My Five Students

My Five Students

Saturday, February 15, 2014

What We Are Letting Go

 I'm sure almost everyone has heard the song "Let It Go" from the new Disney movie Frozen. If you haven't seen the movie, chances are you've heard it somewhere. Even I posted a video of my littlest girls singing the song on Facebook (because they were just so stinkin' cute). On the off chance that you haven't heard it, look it up on Youtube. You can watch the original along with a never-ending supply of covers. It's become the anthem of a generation. The music is beautifully written to extract an emotional response, like every good theater number. In the movie it is the pinnacle of the story, where it really gets rolling. It makes absolute sense why it has become so popular. But as I listen to my 11 year old daughter singing it so passionately I see a major problem. Do you see it too?
 In the context of the movie it makes sense. It is the lowest point of the movie. The character is filled with angst and believes that she has finally found some freedom, but at a cost. She decides to embrace the "swirling storm inside" and the price tag is a "kingdom of isolation." Without ruining the movie for those who haven't seen it, the story resolves and she discovers that this is not the solution to her problem. But out of context, we have millions of children singing the lyrics, "no right, no wrong, no rules for me, I'm free."
My husband and I are trying to raise thinkers. I often feel like we are going against the flow of culture. We instruct our children to ask themselves questions. Questions like, Why do I like this? What is it trying to say? What does it mean? What does it say about me? These are good questions for everything that entertains us. Music is a particularly slippery slope because it has two parts. It's the tune, the musical content, that draws us and is most often our favorite part. But the words we say (or sing) have the biggest impact. When I say this I hear myself sounding like the generations of old who shunned popular music but, instead, handed us a good old Sandy Patty or Gaithers cassette tape. Let me put my words in context for you. Again, we instruct our children to ask themselves those questions. This means, as a christian family, we sometimes listen to secular music and disregard popular christian music. We take all music, christian and secular alike, and hold it up for examination of its content. I believe God is glorified when both the music and the lyrics are a well-crafted result of the talents that He has gifted the musician with. So He can be glorified in a beautiful song about loving your husband well just as much as a catchy song about His never-ending love for us. We can disregard songs about chasing after money just as much as songs about God making us powerful.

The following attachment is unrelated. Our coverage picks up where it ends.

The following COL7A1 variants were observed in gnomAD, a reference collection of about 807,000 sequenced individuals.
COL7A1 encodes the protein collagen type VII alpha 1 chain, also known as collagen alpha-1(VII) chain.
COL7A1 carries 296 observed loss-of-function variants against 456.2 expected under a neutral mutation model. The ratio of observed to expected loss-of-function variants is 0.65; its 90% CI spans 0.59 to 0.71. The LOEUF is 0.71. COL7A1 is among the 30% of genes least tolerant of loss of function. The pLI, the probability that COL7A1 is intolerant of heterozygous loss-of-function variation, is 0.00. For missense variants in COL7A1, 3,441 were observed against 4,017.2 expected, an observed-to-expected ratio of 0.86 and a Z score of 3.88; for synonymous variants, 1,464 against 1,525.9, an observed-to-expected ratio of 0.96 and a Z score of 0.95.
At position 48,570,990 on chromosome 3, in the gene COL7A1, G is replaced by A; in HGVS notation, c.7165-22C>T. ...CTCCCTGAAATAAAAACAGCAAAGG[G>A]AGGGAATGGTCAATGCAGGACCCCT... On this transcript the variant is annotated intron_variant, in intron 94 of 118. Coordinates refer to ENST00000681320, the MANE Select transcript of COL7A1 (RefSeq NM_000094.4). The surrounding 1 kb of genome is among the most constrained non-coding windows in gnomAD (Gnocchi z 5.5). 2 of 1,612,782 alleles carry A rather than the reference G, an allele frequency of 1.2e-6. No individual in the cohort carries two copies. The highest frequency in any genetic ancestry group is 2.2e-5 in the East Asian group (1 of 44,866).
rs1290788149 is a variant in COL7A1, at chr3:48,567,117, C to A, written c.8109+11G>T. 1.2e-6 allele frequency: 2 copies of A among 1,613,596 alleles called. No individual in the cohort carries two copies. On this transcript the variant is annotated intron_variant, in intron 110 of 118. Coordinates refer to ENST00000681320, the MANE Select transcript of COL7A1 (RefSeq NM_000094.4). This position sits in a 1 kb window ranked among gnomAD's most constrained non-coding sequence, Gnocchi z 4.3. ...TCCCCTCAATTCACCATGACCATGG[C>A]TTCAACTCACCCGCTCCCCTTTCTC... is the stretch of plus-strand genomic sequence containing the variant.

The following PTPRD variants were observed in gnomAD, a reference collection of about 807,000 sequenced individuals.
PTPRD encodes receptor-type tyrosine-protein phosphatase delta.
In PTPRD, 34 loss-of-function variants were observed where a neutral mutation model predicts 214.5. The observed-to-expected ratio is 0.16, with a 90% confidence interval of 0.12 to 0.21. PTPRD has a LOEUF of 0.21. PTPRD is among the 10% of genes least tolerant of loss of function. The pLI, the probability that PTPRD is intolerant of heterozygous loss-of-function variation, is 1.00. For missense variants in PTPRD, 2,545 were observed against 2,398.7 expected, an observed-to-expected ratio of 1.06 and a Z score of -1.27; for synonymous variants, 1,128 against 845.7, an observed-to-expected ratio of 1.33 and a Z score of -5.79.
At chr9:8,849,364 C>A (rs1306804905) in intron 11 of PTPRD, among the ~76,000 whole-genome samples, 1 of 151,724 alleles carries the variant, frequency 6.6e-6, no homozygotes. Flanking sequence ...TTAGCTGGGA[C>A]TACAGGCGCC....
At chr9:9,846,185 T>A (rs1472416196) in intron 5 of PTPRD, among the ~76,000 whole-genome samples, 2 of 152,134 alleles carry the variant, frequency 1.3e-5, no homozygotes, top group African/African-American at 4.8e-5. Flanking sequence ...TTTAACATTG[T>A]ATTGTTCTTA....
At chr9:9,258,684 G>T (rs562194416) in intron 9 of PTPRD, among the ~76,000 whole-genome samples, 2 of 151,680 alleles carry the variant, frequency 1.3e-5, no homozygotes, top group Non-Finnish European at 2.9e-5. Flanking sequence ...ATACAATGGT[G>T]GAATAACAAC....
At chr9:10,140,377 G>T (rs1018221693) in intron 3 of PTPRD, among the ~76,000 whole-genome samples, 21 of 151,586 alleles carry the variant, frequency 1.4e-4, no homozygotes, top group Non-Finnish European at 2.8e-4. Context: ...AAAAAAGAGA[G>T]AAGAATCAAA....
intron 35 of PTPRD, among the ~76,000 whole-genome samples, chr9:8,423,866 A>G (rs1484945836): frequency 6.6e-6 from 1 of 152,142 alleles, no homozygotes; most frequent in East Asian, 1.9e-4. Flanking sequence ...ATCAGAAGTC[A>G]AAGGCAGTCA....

So what's the point? The point is that we have here the perfect storm. We have a cute movie with a really addicting song that speaks the cry of a generation. The theme of our generation and the one coming up says that rules and boundaries stifle our freedom.
      "No right, no wrong, no rules for me, I'm free."
As long as I am true to myself the world can be damned.
      "Let it go... that perfect girl is gone." "I don't care what they're going to say, let the storm rage on, the cold never bothered me anyway."
Here's my challenge to you and to me: let's sit down with our kids and ask them some questions. Let's teach them to think. The subject at hand may be music but this concept carries over into every aspect of life. I believe whole-heartedly that what we are letting go, as a society, is the ability to critically think.

"Let the words of my mouth and the meditation of my heart be acceptable in your sight, O Lord, my rock and my redeemer."  -Psalm 19:14
"Finally, brothers, whatever is true, whatever is honorable, whatever is just, whatever is pure, whatever is lovely, whatever is commendable, if there is any excellence, if there is anything worthy of praise, think about these things."   -Philippians 4:8

1 comment:

  1. Very well said. You may be raising them against popular culture, but you guys rock!!! Maybe Ann can use scripture to find if her favorite songs meet God's expectstions for us.